Jessica Militante (right) and Chayla Rowley at the Kindred Spirits monument in Midleton, Cork, Ireland (image courtesy of Alexandra Delone).

As my year abroad continued, I become a proud advocate of the Choctaw Nation and the link between the two sides of my heritage. I wrote an article for the Cork newspaper The Echo about the Choctaw-Ireland connection and the scholarship that brought me there (Militante). That article caught a fair amount of attention and led to me being interviewed by “Dermot & Dave” on national radio station, Today FM. It also led to the meeting of another Choctaw scholar, Tc Crawford, who was also studying for her master’s at UCC.

We met for tea and spoke about the incredible chance of meeting each other, noting how the connection between the Choctaw and the Irish seemed to be intertwining in new and exciting ways. As part of her master’s program, Tc was producing an event called “Ripple in Time,” part of Cork’s Half Moon Festival, and she asked me to participate. Although the festival was originally supposed to take place in April 2020 as an in-person event in Cork, the COVID-19 pandemic forced Tc and me back to the United States and forced the festival to an online space. The digital festival took place at the end of June 2020, where each participant contributed something that fostered the Choctaw-Ireland link. During the festival, I had the honor of reading an original short story about a young Choctaw student struggling with her identity. A Choctaw musician based in California, Grant Crawford, played the Native American flute and collaborated with Cork-based Irish traditional musician, Macdara Ó Faoláin, from across the ocean. Alex Pentek even contributed a presentation about the creation of the Kindred Spirits monument. Irish historian Turtle Bunbury hosted a post-show discussion between all of the contributors, and I had the pleasure of sharing with Alex the impact of his sculpture on my own life. In that moment, it felt like everything had come full circle for me.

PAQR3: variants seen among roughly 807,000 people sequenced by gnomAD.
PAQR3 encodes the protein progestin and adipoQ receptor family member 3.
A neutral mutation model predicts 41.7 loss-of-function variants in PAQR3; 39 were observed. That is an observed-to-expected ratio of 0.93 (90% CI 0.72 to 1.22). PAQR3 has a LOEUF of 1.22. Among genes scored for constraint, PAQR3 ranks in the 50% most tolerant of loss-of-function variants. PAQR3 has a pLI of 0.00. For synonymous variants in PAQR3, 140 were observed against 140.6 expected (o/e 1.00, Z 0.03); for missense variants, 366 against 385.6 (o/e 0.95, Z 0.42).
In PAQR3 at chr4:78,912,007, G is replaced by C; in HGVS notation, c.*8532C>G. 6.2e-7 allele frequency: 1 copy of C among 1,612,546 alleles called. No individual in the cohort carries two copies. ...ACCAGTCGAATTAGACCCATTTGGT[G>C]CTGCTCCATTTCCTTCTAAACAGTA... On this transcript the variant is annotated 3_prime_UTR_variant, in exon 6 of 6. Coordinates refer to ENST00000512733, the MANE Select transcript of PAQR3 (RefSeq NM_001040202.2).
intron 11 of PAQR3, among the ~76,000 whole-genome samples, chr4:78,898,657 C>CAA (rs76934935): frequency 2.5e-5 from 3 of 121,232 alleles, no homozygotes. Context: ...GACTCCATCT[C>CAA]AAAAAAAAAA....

The global pandemic cut my year in Ireland short as UCC closed its campus in March and I had to return to California to finish out the rest of my degree online. Once back home, I learned that COVID-19 was disproportionately affecting Native American communities, especially the Navajo and Hopi tribes (Morales). The generous citizens of Ireland learned about this as well and began donating to these tribes in large and unexpected quantities (Locke). This act of “paying it forward” by the Irish to other Indigenous peoples in America was beautiful to witness and shows that the formation of new connections between different cultures is always possible.

My time in Ireland will stay with me for the rest of my life. While there, I made lasting friendships with both Cork citizens and fellow Choctaws, I was taught invaluable lessons by wonderful instructors, and I became even more connected to my ancestors than ever before. As the next Choctaw-Ireland Scholarship recipient prepares for her departure, I hope she remembers to pack water-proof clothing. I hope she steps off the plane and heads straight for the Kindred Spirits sculpture. I hope she meets fellow Choctaws and makes incredible Irish friends. I hope she continues to advocate for our tribe, for our ancestors, and for the unforgettable bond of love and solidarity between these two Nations.


Works Cited

Greenwood, Len. “Trail of Tears from Mississippi Walked by our Ancestors.” Chahta Anumpa Aiikhvna/School of Choctaw Language, Mar. 1995,

Hoffman, Anna. “To Have Irish.”, 17 July 2015,

Locke, Katherine. “An Ocean Apart: Irish Donate $670,000 to Navajo and Hopi.” Navajo-Hopi Observer, 12 May 2020,

Lynch, Suzanne. “Varadkar Announces Scholarship for Choctaw Students.” Irish Times, 12 Mar. 2018,

Militante, Jessica. “Why I’m So Proud of Cork Link with the Choctaw.”, 24 Jan. 2020,

Morales, Laurel. “Navajo Nation Sees High Rate of COVID-19 and Contact Tracing Is a Challenge.”, 24 Apr. 2020,

Toews, Christian. “Bond Remains Strong Between Choctaw and Irish.” Choctaw Nation, 2020,